Three people live in a remote Buddhist monastery near Mount Chonan: Hyegok, the old master; Yong Nan, a young man who has left his extended family in the city to seek enlightenment - Hyegok... See full summary »
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Three people live in a remote Buddhist monastery near Mount Chonan: Hyegok, the old master; Yong Nan, a young man who has left his extended family in the city to seek enlightenment - Hyegok calls him Kibong!; and, an orphan lad Haejin, whom Hyegok has brought to the monastery to raise as a monk. The story is mostly Yong Nan's, told in flashbacks: how he came to the monastery, his brief return to the city, his vacillation between the turbulence of the world and his hope to overcome passions and escape the idea of self. We also see Hyegok as a teacher, a protector, and a father figure, and we watch Haejin make his way as a curious and nearly self-sufficient child. Written by
The thing about Why has Bodhidharma Left for the East that struck me the most was the life of the little boy, Haejin. In particular, there are two connected scenes that were superbly done, and the strongest impression I got from Why... is the symbolism to be found within them. In the first of the two scenes, relatively early in the film Haejin picks up a rock off of the ground and, for no apparent reason, takes aim at a bird and hurls the rock at it. After he strikes the bird in the head and the bird falls to the ground, Haejin runs over to it and examines it. At this point, Haejin clearly is stricken with guilt and is remorseful for what he has done. Rushing back to the monastery, he avoids his Master and covertly hides the bird, seeking to nurse the bird back to health.
Later in the film, Haejin is swimming with some boys in a pool of water when the boys take to dunking Haejin under the water. As the scene progresses, Haejin is seen emerging from the water repeatedly, struggling, gasping for air and trying to free himself as best he can. Ostensibly, the boys around him do not see that they are harming Haejin; they dunk him underwater for fun, and the possibility that he could drown does not even occur to them. Although, after a few minutes of the dunking, some boys on the outskirts of the pool look on with worried faces, nobody expects that the action could seriously hurt Haejin, and accordingly nobody acts to help him.
The most fascinating thing about these two scenes is the parallelism: not particularly thinking of the possible consequences, young boys behave dangerously, and someone or something ends up getting hurt. Haejin thoughtlessly hurls the rock at the bird and damages it physically, whereas the boys at the pool gang up on Haejin and dunk him underwater, terrifying him emotionally. I think this is an issue of karma: Haejin does not think about the consequences of hurting the bird, which is mirrored by the boys' thoughtless torment of Haejin.
And yet, another really interesting thing about the situation was the difference in behavior that took place after the thoughtless violence. Immediately, Haejin realized that he had done something wrong, that he had wounded the bird terribly, so he rushed to take care of it and help it. Presumably, the boys who were harassing Haejin did no such thing, for in and after that scene we see neither guilt nor any attempts to mend fences on their part. The immediate question is then why: why does Haejin see the mistake he made and try to rectify his wrong whereas there is no such action by the boys? I think that the answer lies in the fact that the viewer is supposed to note that Haejin is a Buddhist, whereas the boys are from the "world," and it can safely be assumed that they do not follow the path of those in the monastery. The viewer is supposed to identify the distinct difference between those of the monastery and those from the world. The concept of the how the world is can be found in Haejin's master Hyegok's explanation to Haejin that the world outside the monastery is full of pain and thoughtlessness. (The scene at the pool is the point where the director of the film gives the viewer the opportunity to see Haejin in a situation that verifies what the Master said. Kibong had the same opportunity when he went home to see his mother). Although there is not much of an observable difference in the behavior of the boys during the violent behavior - for all are only little boys prone to stupidity - the emphasis is the Buddhist response to the situation as opposed to the non-Buddhist response.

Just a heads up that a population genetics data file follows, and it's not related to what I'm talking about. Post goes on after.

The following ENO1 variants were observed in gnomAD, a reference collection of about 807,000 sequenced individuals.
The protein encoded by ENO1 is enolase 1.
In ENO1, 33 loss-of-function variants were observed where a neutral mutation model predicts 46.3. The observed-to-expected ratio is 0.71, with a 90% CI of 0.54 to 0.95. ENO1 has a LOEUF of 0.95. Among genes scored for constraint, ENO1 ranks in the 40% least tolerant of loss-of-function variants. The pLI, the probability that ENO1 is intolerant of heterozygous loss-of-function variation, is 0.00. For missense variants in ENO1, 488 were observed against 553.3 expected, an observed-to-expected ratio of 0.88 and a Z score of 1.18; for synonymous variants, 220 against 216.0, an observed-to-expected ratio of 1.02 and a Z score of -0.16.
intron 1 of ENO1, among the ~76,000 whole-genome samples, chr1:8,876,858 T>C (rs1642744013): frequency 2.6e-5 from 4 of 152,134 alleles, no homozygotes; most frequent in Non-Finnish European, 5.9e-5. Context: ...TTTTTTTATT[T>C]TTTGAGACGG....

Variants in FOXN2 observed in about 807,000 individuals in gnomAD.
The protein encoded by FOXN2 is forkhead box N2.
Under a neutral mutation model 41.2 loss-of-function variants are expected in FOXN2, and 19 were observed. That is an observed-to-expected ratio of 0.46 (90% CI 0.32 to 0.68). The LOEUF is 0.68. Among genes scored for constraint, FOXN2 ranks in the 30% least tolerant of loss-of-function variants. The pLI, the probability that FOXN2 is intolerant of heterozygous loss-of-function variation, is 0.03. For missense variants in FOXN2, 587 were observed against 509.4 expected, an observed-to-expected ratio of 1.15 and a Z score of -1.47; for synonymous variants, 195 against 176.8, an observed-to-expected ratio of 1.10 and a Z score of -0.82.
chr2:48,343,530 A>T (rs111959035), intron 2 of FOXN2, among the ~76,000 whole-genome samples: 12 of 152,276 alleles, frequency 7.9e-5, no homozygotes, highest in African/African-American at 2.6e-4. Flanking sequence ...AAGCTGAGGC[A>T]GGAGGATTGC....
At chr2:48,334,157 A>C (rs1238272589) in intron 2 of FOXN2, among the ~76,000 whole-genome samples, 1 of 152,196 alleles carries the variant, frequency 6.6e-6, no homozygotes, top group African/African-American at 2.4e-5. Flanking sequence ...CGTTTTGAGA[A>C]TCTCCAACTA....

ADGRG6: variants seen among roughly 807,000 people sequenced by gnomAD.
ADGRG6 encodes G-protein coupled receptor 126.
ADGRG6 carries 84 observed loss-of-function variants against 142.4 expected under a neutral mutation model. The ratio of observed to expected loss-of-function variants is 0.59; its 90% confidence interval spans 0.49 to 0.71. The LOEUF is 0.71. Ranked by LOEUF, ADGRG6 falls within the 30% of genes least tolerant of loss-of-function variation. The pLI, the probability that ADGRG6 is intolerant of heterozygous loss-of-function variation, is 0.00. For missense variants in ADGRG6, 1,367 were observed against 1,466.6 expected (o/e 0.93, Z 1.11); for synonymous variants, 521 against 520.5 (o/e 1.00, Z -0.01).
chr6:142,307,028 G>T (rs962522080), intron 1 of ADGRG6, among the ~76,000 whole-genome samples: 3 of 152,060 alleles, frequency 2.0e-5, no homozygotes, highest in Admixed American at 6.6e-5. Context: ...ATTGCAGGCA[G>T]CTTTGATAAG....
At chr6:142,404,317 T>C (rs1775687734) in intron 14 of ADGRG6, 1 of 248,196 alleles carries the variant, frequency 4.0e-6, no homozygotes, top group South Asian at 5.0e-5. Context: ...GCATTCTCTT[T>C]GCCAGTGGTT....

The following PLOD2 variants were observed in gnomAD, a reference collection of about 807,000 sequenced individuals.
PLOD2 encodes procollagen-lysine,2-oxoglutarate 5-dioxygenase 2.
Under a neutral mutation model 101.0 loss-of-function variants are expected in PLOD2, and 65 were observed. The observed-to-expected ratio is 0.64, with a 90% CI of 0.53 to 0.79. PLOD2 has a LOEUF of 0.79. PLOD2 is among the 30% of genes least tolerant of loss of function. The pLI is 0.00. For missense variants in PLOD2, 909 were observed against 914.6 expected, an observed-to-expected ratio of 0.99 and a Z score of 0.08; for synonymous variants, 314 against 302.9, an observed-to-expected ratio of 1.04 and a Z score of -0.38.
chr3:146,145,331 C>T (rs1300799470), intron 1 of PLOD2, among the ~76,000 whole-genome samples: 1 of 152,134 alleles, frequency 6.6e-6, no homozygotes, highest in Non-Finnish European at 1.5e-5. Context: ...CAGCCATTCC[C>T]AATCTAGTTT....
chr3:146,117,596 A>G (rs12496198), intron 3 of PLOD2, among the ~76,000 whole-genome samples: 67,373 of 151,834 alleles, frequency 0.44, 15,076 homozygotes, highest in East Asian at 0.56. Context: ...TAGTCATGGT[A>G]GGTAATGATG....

Although I do not think that I understood everything in the film - when Master Hyegok was talking about really deep and spiritual things, he spoke quite fast and I did not really catch everything that he said - I think that I understood at least some of the movie. Overall, I enjoyed the film, particularly the scenery and the painstaking attention to detail. Most of all, I enjoyed leaving the film room thinking about it and trying to understand its symbolism and messages.
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